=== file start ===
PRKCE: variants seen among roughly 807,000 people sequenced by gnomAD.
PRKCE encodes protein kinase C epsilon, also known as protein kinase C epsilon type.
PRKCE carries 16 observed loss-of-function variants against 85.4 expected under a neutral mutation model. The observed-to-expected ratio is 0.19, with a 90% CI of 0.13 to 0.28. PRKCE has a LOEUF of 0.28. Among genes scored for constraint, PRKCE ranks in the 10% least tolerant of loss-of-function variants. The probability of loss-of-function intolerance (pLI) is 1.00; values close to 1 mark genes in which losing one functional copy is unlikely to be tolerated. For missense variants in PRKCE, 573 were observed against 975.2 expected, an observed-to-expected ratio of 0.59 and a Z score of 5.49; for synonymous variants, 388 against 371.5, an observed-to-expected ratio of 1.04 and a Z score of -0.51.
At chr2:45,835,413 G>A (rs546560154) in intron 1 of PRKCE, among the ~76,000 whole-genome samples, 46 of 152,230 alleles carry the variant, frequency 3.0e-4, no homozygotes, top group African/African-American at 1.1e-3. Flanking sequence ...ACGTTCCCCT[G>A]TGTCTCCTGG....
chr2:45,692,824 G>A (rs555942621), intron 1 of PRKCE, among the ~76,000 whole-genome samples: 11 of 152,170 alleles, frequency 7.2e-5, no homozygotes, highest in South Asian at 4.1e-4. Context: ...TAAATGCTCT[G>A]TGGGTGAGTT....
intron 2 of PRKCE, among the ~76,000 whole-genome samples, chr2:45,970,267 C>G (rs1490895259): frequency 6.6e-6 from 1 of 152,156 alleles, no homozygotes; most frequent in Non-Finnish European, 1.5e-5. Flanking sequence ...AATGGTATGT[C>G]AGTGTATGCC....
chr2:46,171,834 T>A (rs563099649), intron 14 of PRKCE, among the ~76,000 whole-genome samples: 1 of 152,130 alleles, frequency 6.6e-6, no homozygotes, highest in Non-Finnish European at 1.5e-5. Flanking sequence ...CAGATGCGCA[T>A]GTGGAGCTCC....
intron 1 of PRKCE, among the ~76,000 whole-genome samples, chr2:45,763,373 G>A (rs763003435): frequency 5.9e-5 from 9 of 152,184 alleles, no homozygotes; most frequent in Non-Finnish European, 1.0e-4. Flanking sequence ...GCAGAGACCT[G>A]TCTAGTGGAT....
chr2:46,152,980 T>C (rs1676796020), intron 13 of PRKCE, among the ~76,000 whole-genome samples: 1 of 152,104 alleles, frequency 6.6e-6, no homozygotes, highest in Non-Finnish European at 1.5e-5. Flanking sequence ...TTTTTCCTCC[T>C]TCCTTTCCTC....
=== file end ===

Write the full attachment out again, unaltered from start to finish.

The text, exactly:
PRKCE: variants seen among roughly 807,000 people sequenced by gnomAD.
PRKCE encodes protein kinase C epsilon, also known as protein kinase C epsilon type.
PRKCE carries 16 observed loss-of-function variants against 85.4 expected under a neutral mutation model. The observed-to-expected ratio is 0.19, with a 90% CI of 0.13 to 0.28. PRKCE has a LOEUF of 0.28. Among genes scored for constraint, PRKCE ranks in the 10% least tolerant of loss-of-function variants. The probability of loss-of-function intolerance (pLI) is 1.00; values close to 1 mark genes in which losing one functional copy is unlikely to be tolerated. For missense variants in PRKCE, 573 were observed against 975.2 expected, an observed-to-expected ratio of 0.59 and a Z score of 5.49; for synonymous variants, 388 against 371.5, an observed-to-expected ratio of 1.04 and a Z score of -0.51.
At chr2:45,835,413 G>A (rs546560154) in intron 1 of PRKCE, among the ~76,000 whole-genome samples, 46 of 152,230 alleles carry the variant, frequency 3.0e-4, no homozygotes, top group African/African-American at 1.1e-3. Flanking sequence ...ACGTTCCCCT[G>A]TGTCTCCTGG....
chr2:45,692,824 G>A (rs555942621), intron 1 of PRKCE, among the ~76,000 whole-genome samples: 11 of 152,170 alleles, frequency 7.2e-5, no homozygotes, highest in South Asian at 4.1e-4. Context: ...TAAATGCTCT[G>A]TGGGTGAGTT....
intron 2 of PRKCE, among the ~76,000 whole-genome samples, chr2:45,970,267 C>G (rs1490895259): frequency 6.6e-6 from 1 of 152,156 alleles, no homozygotes; most frequent in Non-Finnish European, 1.5e-5. Flanking sequence ...AATGGTATGT[C>G]AGTGTATGCC....
chr2:46,171,834 T>A (rs563099649), intron 14 of PRKCE, among the ~76,000 whole-genome samples: 1 of 152,130 alleles, frequency 6.6e-6, no homozygotes, highest in Non-Finnish European at 1.5e-5. Flanking sequence ...CAGATGCGCA[T>A]GTGGAGCTCC....
intron 1 of PRKCE, among the ~76,000 whole-genome samples, chr2:45,763,373 G>A (rs763003435): frequency 5.9e-5 from 9 of 152,184 alleles, no homozygotes; most frequent in Non-Finnish European, 1.0e-4. Flanking sequence ...GCAGAGACCT[G>A]TCTAGTGGAT....
chr2:46,152,980 T>C (rs1676796020), intron 13 of PRKCE, among the ~76,000 whole-genome samples: 1 of 152,104 alleles, frequency 6.6e-6, no homozygotes, highest in Non-Finnish European at 1.5e-5. Flanking sequence ...TTTTTCCTCC[T>C]TCCTTTCCTC....